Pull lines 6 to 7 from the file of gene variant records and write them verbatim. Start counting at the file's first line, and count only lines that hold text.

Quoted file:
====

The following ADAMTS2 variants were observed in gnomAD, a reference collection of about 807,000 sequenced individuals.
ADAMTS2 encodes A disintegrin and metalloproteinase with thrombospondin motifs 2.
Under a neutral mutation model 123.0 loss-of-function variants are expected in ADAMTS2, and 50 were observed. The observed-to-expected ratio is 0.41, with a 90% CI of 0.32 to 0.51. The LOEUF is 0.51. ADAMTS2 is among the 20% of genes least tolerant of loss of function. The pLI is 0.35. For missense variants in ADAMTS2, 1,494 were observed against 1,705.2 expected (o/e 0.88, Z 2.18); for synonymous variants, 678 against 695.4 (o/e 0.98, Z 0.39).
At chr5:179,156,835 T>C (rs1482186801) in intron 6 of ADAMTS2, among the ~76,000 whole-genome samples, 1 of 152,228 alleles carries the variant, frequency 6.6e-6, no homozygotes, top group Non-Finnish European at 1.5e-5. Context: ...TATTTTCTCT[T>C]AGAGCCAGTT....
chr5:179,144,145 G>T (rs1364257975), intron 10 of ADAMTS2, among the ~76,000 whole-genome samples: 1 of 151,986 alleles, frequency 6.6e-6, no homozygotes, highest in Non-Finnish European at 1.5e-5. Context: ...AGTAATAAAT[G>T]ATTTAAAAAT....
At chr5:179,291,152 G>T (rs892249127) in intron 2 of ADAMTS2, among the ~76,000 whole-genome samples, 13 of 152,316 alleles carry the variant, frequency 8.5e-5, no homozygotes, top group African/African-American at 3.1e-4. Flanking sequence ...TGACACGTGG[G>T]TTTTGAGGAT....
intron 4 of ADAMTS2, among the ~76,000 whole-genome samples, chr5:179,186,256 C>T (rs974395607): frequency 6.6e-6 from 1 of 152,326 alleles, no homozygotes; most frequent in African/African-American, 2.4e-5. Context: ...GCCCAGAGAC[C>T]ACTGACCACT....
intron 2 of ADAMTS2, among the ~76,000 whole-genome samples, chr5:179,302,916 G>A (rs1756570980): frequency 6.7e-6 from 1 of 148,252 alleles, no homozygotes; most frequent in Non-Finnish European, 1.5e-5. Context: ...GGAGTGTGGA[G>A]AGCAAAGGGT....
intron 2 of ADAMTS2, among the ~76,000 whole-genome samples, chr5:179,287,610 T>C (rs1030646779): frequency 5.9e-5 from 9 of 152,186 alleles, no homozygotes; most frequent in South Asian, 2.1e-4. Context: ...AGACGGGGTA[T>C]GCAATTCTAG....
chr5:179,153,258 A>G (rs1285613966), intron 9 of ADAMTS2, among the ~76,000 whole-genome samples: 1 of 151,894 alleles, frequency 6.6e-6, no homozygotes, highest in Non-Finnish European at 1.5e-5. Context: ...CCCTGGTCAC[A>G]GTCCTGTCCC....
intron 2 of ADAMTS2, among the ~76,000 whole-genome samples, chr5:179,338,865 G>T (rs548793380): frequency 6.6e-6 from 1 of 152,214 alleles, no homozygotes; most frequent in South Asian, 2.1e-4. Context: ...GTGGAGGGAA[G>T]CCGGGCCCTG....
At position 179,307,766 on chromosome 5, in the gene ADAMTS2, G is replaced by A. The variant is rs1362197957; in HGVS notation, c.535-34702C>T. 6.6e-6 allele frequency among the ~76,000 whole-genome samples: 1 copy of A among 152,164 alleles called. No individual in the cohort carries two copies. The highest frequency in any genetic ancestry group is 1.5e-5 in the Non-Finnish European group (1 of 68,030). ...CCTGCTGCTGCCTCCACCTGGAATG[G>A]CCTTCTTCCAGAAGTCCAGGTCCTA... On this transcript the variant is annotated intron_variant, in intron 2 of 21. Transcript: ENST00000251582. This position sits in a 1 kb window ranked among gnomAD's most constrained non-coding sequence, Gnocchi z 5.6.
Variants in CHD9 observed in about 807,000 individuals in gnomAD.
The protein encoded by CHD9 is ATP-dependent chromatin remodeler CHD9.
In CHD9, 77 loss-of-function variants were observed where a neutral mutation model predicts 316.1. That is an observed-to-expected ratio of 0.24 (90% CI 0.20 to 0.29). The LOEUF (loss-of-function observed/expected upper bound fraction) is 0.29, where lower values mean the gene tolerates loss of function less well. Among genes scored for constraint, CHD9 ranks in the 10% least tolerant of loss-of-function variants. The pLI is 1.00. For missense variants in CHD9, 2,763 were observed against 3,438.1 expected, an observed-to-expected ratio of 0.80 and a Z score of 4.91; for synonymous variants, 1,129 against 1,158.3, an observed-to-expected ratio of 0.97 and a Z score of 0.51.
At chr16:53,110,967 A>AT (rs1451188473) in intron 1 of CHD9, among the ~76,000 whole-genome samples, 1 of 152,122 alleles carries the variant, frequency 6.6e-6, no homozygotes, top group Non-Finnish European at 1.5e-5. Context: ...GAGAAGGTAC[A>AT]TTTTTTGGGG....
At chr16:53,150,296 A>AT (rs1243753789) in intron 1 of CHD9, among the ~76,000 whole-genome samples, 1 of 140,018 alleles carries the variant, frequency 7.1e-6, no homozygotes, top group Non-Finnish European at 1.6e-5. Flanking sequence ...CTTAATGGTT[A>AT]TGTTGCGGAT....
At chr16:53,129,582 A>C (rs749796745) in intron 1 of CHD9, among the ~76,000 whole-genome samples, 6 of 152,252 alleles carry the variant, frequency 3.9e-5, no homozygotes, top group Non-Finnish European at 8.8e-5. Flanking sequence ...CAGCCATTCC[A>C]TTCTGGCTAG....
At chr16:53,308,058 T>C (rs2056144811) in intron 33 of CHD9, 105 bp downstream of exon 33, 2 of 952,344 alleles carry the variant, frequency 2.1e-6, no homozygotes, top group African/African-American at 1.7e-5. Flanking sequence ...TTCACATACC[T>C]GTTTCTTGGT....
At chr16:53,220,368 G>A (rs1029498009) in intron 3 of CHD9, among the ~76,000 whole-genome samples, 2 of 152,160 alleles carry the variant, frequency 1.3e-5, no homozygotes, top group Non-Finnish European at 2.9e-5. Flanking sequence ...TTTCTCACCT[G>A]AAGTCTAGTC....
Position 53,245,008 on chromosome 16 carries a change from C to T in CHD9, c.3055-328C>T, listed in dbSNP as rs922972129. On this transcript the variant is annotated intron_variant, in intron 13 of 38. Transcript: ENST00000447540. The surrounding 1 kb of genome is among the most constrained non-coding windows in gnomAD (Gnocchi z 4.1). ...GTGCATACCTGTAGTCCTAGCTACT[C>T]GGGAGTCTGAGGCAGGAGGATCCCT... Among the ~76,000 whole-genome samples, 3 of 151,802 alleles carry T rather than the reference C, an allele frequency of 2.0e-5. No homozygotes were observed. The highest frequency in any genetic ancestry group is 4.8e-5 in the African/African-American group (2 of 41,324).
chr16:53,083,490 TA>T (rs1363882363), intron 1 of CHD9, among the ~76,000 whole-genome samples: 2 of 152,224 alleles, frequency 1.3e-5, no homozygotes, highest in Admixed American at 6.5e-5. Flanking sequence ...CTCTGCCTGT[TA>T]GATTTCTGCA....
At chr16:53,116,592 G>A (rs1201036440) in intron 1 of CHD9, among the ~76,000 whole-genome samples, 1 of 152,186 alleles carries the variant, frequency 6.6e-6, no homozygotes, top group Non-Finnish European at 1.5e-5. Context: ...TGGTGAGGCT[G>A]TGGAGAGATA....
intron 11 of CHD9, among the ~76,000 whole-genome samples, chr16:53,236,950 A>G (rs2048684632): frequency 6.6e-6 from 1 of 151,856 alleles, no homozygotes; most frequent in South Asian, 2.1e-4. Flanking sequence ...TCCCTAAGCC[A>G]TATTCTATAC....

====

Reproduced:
At chr5:179,291,152 G>T (rs892249127) in intron 2 of ADAMTS2, among the ~76,000 whole-genome samples, 13 of 152,316 alleles carry the variant, frequency 8.5e-5, no homozygotes, top group African/African-American at 3.1e-4. Flanking sequence ...TGACACGTGG[G>T]TTTTGAGGAT....
intron 4 of ADAMTS2, among the ~76,000 whole-genome samples, chr5:179,186,256 C>T (rs974395607): frequency 6.6e-6 from 1 of 152,326 alleles, no homozygotes; most frequent in African/African-American, 2.4e-5. Context: ...GCCCAGAGAC[C>T]ACTGACCACT....